These four projects capture the imagination and offer ample opportunity for improvising; put your creative twist on any of them for memorable gifts.
The first time Leah Adams of Seattle gave out felt soap for the holidays, one of her relatives cut the felt away, taking it for elaborate packaging. It wasn't. The colorful felting is slightly abrasive and holds suds well.
Five years later, Adams sells hundreds of felt soaps, including at her Etsy online shop, kneek, or SpiderFelt. But she always includes a tag that warns against cutting away the felt.
The whole family, including children as young as 4, can join in felting soap, she said.
Adams recommends viewing her Felt Soap Tutorial on YouTube for complete instructions, but it's basically wrapping a 2-ounce bar of soap in wool roving, adding water, and then gently agitating the wool until it shrinks tightly around the soap. Presto.
Not all wool will work; some is too coarse. Adams recommends sheep's wool, in particular Corriedale and Merino, which is finer but more costly.
Scavenging for this craft is half the fun: Dig through unworn sweaters at home or at a local thrift store. They don't have to be wool, but wool is warmer, according to Stefanie Girard, the Burbank, Calif., author of "Sweater Surgery."
A wool sweater needs to be washed in hot water (with a cold rinse) with laundry detergent and a clean towel, then dried flat to block it. This shrinks and tightens the wool fibers, making the sweater appear felted.
If the sweater has a ribbed bottom edge, this is where the wrist of the mitten goes to give it a nice edge.
Make a mitten pattern tracing your own hand, adding ½ inch all the way around, larger or smaller depending on a gift recipient's hand size. Repeat, and cut out both tracings. Embellish the top side of the mitten, if desired, then machine sew it to the other tracing, right sides together. Clip a small slit at the inside of each thumb point, without cutting the stitching, to alleviate bulk before turning the mittens right sides out.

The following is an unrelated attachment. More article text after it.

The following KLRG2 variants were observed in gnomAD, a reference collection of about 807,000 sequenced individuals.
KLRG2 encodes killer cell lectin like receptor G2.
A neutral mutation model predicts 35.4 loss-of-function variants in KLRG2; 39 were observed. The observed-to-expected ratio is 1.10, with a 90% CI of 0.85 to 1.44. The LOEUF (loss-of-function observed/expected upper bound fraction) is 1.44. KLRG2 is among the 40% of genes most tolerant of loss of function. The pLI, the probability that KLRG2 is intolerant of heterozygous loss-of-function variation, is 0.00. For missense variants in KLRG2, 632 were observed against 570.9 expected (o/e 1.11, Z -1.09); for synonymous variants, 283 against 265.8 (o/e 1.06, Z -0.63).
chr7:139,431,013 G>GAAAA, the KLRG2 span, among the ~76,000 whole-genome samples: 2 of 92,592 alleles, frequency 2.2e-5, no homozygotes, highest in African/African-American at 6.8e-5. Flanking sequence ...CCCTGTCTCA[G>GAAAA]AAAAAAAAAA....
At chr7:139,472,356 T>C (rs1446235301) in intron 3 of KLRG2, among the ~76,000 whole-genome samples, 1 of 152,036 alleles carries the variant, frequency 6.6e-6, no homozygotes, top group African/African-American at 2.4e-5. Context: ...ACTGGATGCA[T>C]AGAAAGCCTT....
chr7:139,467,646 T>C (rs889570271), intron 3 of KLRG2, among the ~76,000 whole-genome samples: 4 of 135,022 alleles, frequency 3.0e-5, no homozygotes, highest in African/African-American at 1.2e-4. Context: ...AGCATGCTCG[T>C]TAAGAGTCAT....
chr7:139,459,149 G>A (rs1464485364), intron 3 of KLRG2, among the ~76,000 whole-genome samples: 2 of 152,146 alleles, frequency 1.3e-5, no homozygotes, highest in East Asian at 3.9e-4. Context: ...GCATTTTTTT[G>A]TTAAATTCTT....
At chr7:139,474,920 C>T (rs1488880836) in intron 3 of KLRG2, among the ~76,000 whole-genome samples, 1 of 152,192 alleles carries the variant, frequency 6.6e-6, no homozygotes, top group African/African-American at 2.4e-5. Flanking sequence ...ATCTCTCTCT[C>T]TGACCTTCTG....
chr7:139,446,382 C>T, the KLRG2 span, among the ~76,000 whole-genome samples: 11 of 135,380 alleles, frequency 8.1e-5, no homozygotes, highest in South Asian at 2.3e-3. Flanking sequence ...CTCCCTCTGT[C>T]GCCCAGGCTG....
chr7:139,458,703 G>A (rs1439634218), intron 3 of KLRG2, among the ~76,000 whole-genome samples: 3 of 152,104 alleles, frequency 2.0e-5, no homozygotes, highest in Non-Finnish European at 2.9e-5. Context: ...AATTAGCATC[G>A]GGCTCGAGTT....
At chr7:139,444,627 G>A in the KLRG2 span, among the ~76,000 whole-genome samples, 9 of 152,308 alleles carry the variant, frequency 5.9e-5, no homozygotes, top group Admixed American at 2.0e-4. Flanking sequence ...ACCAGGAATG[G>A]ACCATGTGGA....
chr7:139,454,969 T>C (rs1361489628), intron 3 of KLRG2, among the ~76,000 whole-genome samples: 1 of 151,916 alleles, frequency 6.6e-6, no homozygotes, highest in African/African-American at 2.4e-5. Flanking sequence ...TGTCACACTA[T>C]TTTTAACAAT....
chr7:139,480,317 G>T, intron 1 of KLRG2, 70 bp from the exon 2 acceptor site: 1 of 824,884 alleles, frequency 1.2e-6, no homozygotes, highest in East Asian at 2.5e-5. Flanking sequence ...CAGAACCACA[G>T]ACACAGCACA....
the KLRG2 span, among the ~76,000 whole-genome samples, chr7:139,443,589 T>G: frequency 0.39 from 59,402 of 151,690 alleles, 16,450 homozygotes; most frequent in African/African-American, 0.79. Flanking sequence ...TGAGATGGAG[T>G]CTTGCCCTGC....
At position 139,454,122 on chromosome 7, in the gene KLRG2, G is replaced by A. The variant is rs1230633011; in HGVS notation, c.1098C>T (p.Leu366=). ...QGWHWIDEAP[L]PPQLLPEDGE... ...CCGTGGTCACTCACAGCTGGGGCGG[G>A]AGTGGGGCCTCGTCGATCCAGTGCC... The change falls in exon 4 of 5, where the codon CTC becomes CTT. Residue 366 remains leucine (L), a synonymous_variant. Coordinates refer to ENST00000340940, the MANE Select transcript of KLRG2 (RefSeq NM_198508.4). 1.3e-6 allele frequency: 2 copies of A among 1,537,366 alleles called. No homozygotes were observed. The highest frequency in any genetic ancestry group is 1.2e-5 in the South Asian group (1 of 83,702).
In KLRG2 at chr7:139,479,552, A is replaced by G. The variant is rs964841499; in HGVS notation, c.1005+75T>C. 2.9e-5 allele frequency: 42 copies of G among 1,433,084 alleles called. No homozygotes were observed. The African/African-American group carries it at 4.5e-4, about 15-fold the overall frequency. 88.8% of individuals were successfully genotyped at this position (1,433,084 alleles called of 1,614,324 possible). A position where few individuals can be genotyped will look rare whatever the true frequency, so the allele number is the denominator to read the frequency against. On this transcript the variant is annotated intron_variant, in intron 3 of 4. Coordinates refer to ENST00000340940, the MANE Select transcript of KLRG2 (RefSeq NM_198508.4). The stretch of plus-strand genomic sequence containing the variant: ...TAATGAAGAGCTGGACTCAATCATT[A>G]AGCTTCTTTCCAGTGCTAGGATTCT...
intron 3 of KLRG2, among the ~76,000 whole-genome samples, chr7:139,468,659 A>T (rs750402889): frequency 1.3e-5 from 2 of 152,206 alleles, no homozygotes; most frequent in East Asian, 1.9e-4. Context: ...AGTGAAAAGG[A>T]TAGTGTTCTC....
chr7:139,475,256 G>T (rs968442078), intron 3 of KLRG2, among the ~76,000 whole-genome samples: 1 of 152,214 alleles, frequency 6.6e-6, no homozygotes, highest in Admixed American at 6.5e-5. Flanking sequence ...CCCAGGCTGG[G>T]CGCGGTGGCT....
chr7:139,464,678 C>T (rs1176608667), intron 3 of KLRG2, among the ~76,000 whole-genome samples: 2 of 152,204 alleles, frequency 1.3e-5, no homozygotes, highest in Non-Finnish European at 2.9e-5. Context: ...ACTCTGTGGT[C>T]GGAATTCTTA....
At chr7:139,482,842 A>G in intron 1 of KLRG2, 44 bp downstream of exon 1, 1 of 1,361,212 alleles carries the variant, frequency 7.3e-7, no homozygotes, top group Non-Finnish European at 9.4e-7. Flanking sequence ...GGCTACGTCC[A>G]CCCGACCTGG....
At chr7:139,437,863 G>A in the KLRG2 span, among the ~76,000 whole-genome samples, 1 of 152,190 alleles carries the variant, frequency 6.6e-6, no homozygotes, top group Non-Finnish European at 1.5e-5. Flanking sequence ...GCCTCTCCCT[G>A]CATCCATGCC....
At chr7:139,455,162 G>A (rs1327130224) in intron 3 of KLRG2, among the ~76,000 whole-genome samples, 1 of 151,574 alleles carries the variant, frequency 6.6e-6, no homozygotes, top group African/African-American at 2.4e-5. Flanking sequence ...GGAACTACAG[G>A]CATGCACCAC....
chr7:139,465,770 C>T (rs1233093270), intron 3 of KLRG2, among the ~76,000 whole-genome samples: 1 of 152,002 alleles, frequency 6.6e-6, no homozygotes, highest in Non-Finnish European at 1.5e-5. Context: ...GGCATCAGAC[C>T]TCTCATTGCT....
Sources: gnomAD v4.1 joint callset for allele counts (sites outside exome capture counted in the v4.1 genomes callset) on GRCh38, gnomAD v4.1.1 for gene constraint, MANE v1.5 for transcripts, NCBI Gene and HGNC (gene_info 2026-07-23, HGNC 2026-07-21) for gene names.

Simple beaded jewelry
The 2011 "Martha Stewart Holiday Handbook" shares instructions for how to make delicate, beaded necklaces with minimal parts. Its simplicity is the beauty of this project, said Marci McGoldrick, editorial director of Holiday & Crafts for Martha Stewart Living.
Using 20 inches of 5mm-wide ribbon and a beading needle, string assorted beads, from large to seed beads. Attach a clasp and a connector to the ribbon at each end, knotting them into place.
Another necklace: For a continuous strand of beads, use 20 inches of silk beading cord. Attach a connector to the end of the cord and thread with beads. At the midpoint, thread two jingle bells, and then continue beading. Affix the clasp to the other end by knotting it.
H. Camille Smith, senior decorating and handmade editor at HGTV.com, says a towel can be embellished with iron-on decals and transfers. Or cut letters or designs out of fabric and sew them on. Add bling with adhesive crystals to items that won't get washed.
Jodi Kahn of Larchmont, N.Y., scans and prints wrapping-paper patterns onto T-shirt transfer paper and irons it onto white hand towels for a favorite hostess gift. She recommends using a pattern with a white background.
More Life Headlines
Sister finds herself in awkward position ’The Book of Mormon’ satirical musical finally in Utah Matthew Broderick joins Broadway’s ‘Sylvia’ Today in history Make your piece of the pie — easy as, well, pie Top traditional grilled hot dogs with a gourmet twist Day-old bread, brand-new meal 'American Psycho’ musical heading to Broadway
Our to-do list full of ideas for your weekend
Our new comment system is not supported in IE 7. Please upgrade your browser here.